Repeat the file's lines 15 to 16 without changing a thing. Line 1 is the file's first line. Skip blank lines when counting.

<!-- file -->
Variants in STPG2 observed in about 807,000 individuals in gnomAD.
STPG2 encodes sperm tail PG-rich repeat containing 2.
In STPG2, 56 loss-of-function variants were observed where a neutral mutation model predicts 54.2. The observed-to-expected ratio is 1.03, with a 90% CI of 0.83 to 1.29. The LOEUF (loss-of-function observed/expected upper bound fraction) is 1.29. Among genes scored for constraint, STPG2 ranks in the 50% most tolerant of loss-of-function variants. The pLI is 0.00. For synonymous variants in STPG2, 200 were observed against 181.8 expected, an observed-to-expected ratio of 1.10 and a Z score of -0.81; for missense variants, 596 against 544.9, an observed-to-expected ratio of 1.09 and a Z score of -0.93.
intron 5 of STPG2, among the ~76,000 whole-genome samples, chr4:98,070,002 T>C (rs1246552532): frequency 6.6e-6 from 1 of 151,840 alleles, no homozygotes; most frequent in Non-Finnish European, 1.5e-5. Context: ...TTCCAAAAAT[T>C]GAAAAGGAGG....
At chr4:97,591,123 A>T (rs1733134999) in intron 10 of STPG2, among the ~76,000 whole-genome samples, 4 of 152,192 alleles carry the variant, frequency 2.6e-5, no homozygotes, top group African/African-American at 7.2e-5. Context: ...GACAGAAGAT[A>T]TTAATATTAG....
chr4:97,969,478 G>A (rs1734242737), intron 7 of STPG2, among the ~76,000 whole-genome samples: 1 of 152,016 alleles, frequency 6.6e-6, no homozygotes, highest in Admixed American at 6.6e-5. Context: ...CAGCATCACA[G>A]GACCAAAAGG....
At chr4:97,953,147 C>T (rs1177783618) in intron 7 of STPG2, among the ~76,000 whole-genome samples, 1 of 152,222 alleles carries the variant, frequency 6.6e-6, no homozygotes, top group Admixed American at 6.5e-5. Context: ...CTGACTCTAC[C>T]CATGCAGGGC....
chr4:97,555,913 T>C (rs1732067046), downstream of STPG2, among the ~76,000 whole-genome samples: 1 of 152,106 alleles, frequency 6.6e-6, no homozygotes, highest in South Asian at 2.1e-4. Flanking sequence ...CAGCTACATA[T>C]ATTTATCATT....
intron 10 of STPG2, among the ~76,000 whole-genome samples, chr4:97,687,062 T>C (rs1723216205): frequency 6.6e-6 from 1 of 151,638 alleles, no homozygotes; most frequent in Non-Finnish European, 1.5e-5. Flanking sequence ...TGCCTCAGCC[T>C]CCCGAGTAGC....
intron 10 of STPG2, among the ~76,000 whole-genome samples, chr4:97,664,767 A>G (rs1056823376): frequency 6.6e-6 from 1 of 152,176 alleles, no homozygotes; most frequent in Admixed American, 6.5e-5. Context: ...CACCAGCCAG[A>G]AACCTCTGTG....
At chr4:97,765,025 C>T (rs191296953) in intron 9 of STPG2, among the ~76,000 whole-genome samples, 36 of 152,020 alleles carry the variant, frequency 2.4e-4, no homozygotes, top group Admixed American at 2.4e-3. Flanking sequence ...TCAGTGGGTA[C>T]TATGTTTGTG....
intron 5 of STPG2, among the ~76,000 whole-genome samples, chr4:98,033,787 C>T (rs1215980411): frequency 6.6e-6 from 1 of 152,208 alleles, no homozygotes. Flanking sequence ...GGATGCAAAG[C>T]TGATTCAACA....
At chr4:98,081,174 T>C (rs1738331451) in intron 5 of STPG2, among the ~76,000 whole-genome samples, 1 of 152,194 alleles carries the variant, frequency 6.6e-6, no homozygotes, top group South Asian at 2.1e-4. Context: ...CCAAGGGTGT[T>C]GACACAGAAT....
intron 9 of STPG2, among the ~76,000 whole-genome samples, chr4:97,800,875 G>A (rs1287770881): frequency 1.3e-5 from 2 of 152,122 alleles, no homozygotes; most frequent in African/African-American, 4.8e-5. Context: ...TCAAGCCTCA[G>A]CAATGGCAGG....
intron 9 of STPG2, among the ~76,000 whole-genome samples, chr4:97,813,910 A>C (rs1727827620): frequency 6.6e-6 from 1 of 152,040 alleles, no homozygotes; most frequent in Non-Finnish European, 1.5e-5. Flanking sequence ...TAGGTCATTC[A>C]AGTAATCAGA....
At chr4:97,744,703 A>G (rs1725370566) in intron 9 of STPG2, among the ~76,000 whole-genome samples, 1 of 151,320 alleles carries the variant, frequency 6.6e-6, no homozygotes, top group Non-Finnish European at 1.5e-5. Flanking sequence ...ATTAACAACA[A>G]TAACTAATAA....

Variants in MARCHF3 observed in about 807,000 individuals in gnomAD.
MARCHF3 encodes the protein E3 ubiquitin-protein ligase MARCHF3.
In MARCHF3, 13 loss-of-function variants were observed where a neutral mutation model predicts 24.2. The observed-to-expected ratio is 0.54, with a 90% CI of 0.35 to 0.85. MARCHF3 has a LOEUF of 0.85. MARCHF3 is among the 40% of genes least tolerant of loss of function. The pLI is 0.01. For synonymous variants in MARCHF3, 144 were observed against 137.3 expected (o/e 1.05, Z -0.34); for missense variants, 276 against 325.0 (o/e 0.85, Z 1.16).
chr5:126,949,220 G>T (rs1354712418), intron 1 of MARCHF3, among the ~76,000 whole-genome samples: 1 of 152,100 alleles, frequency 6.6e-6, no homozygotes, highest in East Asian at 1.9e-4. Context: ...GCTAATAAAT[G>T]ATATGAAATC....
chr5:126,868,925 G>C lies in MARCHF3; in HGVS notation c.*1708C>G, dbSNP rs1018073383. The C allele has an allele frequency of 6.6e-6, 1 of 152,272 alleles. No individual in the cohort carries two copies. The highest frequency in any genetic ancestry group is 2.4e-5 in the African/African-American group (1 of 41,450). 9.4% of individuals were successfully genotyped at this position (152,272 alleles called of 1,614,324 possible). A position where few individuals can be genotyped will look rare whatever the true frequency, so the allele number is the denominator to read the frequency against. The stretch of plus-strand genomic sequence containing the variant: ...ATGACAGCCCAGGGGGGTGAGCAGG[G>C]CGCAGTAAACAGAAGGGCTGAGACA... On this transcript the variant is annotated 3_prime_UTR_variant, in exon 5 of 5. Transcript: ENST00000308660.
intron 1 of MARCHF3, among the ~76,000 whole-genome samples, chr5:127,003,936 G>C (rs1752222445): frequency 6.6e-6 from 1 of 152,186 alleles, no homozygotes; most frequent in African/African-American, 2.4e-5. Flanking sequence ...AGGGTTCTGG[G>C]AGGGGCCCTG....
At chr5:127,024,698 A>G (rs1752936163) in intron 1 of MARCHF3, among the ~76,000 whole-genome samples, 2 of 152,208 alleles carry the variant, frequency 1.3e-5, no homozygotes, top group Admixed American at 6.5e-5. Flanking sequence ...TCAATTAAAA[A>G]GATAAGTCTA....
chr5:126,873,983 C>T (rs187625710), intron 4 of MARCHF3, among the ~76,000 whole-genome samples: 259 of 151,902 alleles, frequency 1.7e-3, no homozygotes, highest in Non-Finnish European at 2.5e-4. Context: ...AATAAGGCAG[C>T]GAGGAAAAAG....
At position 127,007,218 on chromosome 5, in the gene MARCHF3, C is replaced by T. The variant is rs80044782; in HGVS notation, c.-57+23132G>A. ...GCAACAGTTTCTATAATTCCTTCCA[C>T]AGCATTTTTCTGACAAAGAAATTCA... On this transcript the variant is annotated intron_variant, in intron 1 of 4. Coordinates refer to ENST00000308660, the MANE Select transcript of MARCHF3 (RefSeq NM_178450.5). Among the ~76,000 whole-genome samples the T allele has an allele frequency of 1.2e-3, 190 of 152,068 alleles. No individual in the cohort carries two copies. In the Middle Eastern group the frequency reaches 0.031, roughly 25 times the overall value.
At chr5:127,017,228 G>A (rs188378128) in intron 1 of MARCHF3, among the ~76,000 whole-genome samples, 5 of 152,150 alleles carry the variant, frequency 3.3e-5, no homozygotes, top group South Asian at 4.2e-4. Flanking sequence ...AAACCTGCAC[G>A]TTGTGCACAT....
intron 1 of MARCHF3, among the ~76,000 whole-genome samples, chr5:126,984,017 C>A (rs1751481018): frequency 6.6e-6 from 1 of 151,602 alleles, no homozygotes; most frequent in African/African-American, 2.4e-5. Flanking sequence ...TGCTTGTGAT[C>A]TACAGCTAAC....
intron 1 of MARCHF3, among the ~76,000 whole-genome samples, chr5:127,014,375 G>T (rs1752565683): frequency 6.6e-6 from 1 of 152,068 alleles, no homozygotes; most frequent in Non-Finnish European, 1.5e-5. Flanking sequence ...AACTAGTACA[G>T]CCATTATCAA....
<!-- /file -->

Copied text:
intron 9 of STPG2, among the ~76,000 whole-genome samples, chr4:97,813,910 A>C (rs1727827620): frequency 6.6e-6 from 1 of 152,040 alleles, no homozygotes; most frequent in Non-Finnish European, 1.5e-5. Flanking sequence ...TAGGTCATTC[A>C]AGTAATCAGA....
At chr4:97,744,703 A>G (rs1725370566) in intron 9 of STPG2, among the ~76,000 whole-genome samples, 1 of 151,320 alleles carries the variant, frequency 6.6e-6, no homozygotes, top group Non-Finnish European at 1.5e-5. Flanking sequence ...ATTAACAACA[A>G]TAACTAATAA....